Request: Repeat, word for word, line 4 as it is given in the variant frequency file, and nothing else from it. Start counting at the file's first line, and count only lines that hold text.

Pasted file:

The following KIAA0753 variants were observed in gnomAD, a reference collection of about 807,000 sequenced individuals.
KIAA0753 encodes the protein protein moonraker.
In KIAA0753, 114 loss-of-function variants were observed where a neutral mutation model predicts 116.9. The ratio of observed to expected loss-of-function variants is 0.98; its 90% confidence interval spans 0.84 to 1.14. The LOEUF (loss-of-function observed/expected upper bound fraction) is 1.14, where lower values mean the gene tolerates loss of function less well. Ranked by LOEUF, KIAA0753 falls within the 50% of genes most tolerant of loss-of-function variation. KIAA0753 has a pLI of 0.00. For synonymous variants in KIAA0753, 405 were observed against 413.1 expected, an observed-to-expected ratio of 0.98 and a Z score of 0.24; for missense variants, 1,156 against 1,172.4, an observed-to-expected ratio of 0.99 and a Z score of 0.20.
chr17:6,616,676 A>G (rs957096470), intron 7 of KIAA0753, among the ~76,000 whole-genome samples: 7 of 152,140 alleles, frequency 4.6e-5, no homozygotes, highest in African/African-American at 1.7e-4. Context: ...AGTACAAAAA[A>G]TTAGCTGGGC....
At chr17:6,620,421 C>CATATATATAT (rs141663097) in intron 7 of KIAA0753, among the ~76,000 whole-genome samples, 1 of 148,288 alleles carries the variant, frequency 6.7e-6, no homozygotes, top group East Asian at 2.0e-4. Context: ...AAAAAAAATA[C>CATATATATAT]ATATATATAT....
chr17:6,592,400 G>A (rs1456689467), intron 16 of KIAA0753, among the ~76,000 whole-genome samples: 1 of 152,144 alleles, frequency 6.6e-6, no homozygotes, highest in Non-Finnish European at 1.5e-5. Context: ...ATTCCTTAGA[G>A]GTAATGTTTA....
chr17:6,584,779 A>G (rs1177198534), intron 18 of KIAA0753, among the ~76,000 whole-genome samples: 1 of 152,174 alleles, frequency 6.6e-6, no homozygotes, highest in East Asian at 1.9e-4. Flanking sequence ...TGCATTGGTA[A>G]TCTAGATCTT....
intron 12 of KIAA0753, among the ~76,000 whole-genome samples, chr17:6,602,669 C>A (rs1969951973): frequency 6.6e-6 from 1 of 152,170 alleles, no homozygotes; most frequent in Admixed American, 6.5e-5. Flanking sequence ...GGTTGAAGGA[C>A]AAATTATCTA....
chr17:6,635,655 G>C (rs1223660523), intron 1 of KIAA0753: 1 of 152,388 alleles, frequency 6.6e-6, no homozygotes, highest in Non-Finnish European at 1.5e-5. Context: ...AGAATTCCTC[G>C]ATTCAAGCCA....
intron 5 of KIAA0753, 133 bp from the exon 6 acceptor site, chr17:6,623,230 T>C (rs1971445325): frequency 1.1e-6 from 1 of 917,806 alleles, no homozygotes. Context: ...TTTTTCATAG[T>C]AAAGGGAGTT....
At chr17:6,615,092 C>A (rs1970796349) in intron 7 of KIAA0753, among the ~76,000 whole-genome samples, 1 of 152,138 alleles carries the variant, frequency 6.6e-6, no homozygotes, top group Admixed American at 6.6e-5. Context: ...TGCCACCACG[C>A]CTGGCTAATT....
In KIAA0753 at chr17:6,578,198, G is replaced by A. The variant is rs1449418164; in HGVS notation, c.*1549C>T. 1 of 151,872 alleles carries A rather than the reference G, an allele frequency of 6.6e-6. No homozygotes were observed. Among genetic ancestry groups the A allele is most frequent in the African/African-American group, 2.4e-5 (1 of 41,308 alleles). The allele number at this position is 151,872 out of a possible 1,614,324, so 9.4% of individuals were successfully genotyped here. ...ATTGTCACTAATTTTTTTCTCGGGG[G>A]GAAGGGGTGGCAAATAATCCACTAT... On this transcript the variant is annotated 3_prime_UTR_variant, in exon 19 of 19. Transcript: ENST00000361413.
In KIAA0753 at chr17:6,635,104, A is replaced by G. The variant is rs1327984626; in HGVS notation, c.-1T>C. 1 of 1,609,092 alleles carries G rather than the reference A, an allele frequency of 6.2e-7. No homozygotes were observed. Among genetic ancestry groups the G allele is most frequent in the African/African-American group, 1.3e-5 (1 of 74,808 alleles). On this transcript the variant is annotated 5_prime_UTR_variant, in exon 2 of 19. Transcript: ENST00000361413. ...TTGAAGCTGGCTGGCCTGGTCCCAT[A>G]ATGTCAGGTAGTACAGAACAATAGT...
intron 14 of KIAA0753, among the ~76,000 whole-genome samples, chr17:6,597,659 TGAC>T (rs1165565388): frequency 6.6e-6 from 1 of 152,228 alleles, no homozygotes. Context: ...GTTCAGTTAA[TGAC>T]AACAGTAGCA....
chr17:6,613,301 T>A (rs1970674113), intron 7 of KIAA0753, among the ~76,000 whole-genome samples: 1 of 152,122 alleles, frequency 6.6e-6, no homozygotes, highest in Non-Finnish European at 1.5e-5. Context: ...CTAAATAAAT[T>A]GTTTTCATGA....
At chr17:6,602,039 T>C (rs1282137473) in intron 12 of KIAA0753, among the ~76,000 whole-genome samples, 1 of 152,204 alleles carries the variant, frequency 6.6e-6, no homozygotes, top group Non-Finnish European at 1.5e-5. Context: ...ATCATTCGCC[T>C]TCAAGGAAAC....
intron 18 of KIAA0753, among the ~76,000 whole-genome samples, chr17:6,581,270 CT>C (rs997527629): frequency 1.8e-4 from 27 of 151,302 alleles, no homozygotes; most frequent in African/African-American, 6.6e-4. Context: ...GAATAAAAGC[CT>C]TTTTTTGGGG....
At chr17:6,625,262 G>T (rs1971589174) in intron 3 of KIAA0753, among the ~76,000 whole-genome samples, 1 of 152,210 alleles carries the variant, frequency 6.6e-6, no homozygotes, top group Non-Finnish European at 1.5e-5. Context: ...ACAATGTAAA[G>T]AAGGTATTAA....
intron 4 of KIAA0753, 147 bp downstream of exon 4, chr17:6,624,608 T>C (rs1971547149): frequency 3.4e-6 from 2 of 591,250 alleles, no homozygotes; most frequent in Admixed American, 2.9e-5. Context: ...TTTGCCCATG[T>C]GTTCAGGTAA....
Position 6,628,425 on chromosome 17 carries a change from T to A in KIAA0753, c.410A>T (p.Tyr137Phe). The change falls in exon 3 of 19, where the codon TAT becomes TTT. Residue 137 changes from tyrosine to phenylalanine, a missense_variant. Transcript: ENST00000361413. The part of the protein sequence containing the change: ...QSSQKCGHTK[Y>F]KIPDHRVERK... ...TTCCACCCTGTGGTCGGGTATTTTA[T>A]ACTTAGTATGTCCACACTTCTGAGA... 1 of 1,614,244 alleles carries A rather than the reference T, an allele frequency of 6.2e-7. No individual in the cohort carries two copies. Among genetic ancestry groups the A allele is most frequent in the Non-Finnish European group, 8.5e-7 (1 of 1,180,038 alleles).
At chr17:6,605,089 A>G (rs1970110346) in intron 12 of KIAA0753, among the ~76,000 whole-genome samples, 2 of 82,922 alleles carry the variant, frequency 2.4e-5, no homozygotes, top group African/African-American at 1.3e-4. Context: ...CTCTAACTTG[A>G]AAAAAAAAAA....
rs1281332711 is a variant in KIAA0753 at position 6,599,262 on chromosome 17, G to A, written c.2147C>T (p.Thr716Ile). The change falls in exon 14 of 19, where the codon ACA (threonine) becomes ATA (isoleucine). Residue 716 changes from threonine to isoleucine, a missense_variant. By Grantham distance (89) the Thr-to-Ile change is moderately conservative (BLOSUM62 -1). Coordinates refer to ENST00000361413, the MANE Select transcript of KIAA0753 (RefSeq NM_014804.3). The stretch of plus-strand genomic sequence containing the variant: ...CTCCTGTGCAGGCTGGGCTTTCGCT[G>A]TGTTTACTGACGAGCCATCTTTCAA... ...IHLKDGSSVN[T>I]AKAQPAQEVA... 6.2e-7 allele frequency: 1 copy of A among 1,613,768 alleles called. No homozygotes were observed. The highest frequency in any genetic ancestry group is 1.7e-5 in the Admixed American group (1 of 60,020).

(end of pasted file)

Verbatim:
chr17:6,616,676 A>G (rs957096470), intron 7 of KIAA0753, among the ~76,000 whole-genome samples: 7 of 152,140 alleles, frequency 4.6e-5, no homozygotes, highest in African/African-American at 1.7e-4. Context: ...AGTACAAAAA[A>G]TTAGCTGGGC....